The company has revamped its flagship store, and it's clear that coats are still what the company does best: there is a dedicated "raincoat room", where you can thumb through "classic" trench coats, but the seasonal collections also include reworked versions of its classic coat, such as the soft cream water-repellent cotton Orson coat (£1,200), and the superb military-style great coats, like the Warner coat (£895).
As Christmas approaches, there are endless places in Mayfair to look for luxury presents, large and small. For those sweet of tooth try a box of chocolates fromCharbonnel et Walker (1, Royal Arcade), one of Britain's earliest chocolate makers, dating back to 1875. Another good place for gifts and accessories is Smythson of Bond Street(40 New Bond Street), a stationer and leather goods specialist and one of only eight companies in the world to have all four Royal Warrants. Dating back to 1887, the elegant flagship store has a mini-museum documenting its most famous customers such as Diana, the late Princess of Wales, as well as a recent photograph of her sons, both chuckling over the contents of a Smythson "snogs" notebook (in duck-egg blue calfskin leather).
Smythson has an extensive range of leather accessories, with newer additions including an iPod Nano case and a smart lightweight glossy black briefcase in calfskin with compartments for Blackberrys, and mobile phones (£750). Rather than the subdued, traditional colours you might expect, Smythson's two newest shades across its range are bright pink and an even brighter green. If you prefer something less lurid, there's an elegant peacock-blue which is restricted to the autumn/winter 2006 collection (stock will likely last until January).
Perennially popular items include the Classic Travel Wallet in pigskin (£235), with compartments for tickets, passport, currency, credit cards and boarding pass. Quirkier items for gifts are the Cellar Book (£145), a hard-bound book in which oenophiles can record details of their wine purchases, consumption and storage.
At the other end of the scale of gift-buying – perhaps if you're expecting a healthy Christmas bonus – is a luxury watch. Whether you're looking for a jewellery watch or you have a passion for mechanical timepieces, Mayfair will serve you.Watches of Switzerland, on the corner of Old Bond Street and Piccadilly, stocks a huge range of brands, such as Blancpain, IWC and Jaeger leCoultre, while Wempe, at 135 New Bond Street, has brands such as Breitling, Baume & Mercier and Glashütte Original.
For a very special timepiece, tryBoutique Breguet(10A New Bond Street). Breguet watches are instantly recognisable to watch connoisseurs by the distinctive fluting around the case band, and the famous "Breguet hands". Breguet is also the inventor of the original tourbillon, one of the most widely revered watch complications.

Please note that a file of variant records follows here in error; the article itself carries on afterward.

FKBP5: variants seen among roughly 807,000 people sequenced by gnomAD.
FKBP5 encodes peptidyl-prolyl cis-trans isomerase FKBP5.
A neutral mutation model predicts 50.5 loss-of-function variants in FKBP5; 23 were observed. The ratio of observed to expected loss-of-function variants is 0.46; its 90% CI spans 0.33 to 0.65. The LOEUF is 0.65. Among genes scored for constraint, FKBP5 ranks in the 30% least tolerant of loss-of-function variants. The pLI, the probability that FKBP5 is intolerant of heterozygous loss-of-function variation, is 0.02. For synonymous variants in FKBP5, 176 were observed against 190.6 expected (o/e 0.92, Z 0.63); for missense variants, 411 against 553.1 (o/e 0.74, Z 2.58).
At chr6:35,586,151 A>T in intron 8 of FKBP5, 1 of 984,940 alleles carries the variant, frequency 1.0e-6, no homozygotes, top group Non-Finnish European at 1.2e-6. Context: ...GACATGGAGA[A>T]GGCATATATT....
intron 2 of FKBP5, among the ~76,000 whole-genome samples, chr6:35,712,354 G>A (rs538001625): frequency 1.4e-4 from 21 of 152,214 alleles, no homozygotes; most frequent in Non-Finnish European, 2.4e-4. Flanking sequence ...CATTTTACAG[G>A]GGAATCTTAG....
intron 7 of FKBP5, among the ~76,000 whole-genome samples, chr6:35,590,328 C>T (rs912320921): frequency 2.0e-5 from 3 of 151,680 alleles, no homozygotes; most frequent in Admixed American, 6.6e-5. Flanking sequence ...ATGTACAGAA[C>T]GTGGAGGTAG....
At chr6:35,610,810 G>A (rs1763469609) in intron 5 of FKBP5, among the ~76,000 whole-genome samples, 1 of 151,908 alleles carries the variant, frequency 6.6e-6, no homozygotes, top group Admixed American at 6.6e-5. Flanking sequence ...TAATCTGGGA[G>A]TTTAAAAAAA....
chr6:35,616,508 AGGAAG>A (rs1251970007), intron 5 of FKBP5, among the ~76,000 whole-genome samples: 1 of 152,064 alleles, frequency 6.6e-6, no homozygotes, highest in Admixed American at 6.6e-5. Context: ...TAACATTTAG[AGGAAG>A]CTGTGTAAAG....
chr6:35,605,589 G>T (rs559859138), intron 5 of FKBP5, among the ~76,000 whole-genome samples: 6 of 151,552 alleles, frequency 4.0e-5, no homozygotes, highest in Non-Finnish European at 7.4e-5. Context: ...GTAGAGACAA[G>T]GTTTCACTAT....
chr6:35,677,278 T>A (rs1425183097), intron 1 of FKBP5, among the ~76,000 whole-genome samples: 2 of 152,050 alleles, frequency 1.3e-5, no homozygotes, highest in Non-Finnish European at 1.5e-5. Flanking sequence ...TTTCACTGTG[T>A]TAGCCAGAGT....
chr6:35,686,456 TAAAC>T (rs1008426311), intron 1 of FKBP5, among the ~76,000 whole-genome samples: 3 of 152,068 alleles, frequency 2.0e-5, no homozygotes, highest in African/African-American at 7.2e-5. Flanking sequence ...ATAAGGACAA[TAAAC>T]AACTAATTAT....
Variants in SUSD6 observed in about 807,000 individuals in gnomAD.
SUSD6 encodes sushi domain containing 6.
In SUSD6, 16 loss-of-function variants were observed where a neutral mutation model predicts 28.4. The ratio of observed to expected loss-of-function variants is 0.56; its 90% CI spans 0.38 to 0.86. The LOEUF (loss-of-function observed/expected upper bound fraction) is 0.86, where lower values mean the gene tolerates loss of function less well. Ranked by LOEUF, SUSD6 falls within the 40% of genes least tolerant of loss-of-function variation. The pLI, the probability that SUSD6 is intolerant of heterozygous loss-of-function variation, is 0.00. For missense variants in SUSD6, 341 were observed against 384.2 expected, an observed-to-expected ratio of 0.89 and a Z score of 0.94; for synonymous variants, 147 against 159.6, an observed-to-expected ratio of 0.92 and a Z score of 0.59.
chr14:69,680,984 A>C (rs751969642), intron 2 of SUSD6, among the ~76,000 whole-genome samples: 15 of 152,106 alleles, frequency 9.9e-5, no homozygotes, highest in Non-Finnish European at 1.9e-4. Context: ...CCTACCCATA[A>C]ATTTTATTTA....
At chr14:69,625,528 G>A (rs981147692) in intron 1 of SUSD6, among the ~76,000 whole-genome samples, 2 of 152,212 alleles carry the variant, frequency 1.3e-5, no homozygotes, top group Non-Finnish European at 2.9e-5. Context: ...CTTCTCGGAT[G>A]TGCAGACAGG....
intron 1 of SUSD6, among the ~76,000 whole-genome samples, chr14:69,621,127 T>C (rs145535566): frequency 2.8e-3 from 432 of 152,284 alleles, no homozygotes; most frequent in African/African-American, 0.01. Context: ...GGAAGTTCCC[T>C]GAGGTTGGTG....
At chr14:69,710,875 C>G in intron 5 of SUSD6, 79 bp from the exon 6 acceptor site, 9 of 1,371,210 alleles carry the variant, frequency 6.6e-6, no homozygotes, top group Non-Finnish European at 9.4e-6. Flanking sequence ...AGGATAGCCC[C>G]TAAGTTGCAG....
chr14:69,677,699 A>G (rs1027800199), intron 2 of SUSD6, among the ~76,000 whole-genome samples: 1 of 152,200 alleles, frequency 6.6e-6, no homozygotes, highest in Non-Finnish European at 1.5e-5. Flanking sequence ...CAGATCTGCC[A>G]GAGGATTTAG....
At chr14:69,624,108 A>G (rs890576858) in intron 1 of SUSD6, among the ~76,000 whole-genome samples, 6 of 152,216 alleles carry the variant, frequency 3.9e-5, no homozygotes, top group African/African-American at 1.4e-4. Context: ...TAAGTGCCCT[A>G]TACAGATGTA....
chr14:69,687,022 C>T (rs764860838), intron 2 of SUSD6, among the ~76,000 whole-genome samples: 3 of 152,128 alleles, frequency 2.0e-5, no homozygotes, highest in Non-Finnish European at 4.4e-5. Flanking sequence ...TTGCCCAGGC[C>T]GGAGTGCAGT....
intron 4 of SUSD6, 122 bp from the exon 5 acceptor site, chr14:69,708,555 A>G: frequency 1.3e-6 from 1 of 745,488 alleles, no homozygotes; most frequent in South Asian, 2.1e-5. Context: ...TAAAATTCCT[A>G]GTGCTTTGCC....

Breguet watches are items to be treasured: an entry-level piece starts at £6,500. There are relatively few watches on display in the small Mayfair boutique, indicating their exclusivity; however, appointments are not necessary, and you are welcome to go in and browse.
Today one of the most popular Breguets is the marine chronograph hand-engraved, with a self-winding movement and dial in 18-carat silvered gold, and water-resistant to 100 metres. Its most eye-catching design is the La Tradition, which has a brand-new movement, built entirely in-house at Breguet's Switzerland workshop, and is a piece of watchmaking heritage. With its hand-wound mechanical movement on display, it contains a version of the master's original design for shock protection, developed in 1790. La Tradition became available in white gold in summer 2006, and an automatic version will follow soon.
If Mayfair's boutiques and galleries make your feet, and your wallet, ache, there is no shortage of places to stop and gather your strength. This area boasts some of London's grandest hotels, withClaridge's, The Dorchester and The Ritz all within a short walk. You can't get more iconic than afternoon tea at The Ritz on Piccadilly (£35 per person), or there's Brown's Hotelon Albemarle Street. This historic hotel is offering a festive afternoon tea until December 31, including fine-cut sandwiches with turkey and cranberry, fresh scones with jam and clotted cream and a selection of cakes and pastries (£32.50 per person). You can also buy Afternoon Tea Certificates, costing from £59 for two people.
For more indulgent pampering, tryDuke & Co on 46 Curzon Street, which stocks products from La Prairie, Dermatologica and American anti-ageing specialist N.V. Perricone. Its signature treatment is the La Prairie Swiss Cellular Treatment, with a facial and massage (90 minutes costs £125). All treatments are available as gift certificates.